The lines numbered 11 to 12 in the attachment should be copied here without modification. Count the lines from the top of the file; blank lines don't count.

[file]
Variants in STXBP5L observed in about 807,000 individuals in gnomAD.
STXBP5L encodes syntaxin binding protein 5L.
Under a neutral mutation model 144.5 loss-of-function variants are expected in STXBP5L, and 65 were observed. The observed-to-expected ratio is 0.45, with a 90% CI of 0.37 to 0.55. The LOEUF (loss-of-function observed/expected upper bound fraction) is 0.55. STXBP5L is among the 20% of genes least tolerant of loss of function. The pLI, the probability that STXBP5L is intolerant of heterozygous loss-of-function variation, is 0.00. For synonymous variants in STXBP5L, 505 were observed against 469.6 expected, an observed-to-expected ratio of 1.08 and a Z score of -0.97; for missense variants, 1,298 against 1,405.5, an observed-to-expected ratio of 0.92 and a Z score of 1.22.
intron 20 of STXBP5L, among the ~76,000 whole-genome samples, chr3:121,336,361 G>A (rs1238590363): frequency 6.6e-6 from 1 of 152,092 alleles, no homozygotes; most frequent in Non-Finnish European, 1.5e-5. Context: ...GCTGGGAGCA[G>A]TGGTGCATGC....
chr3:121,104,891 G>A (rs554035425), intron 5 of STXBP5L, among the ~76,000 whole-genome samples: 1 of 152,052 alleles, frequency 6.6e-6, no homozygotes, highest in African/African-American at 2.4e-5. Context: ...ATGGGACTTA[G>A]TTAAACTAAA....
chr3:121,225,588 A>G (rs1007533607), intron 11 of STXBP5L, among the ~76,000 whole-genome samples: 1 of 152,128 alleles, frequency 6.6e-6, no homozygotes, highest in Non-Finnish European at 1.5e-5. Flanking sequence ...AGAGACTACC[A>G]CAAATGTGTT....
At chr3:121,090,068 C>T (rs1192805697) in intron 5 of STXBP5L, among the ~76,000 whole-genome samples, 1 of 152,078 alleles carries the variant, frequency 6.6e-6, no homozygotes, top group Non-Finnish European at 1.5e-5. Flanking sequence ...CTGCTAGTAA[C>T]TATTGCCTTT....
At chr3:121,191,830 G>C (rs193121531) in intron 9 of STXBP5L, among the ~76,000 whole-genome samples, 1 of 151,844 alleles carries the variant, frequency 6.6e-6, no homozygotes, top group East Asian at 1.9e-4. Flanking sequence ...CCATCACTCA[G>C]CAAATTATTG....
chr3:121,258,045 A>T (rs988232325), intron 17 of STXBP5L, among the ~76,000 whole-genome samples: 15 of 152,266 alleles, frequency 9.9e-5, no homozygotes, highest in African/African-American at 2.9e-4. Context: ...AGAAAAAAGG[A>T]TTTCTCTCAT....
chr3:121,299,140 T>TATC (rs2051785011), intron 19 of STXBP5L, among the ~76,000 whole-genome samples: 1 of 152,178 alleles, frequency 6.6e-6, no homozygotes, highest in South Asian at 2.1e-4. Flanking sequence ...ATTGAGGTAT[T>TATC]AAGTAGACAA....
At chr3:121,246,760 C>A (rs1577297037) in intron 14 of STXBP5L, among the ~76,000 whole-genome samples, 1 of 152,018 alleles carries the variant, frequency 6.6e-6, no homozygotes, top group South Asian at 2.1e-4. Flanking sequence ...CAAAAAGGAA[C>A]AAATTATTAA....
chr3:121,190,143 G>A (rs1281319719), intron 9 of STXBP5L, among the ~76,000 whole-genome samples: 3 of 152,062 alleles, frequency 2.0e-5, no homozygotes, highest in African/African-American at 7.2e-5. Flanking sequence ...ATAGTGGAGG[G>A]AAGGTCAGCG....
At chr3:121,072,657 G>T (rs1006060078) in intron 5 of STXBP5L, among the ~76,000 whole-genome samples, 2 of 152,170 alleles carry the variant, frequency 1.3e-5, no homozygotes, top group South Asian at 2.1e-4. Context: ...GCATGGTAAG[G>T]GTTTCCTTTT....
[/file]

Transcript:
At chr3:121,246,760 C>A (rs1577297037) in intron 14 of STXBP5L, among the ~76,000 whole-genome samples, 1 of 152,018 alleles carries the variant, frequency 6.6e-6, no homozygotes, top group South Asian at 2.1e-4. Flanking sequence ...CAAAAAGGAA[C>A]AAATTATTAA....
chr3:121,190,143 G>A (rs1281319719), intron 9 of STXBP5L, among the ~76,000 whole-genome samples: 3 of 152,062 alleles, frequency 2.0e-5, no homozygotes, highest in African/African-American at 7.2e-5. Flanking sequence ...ATAGTGGAGG[G>A]AAGGTCAGCG....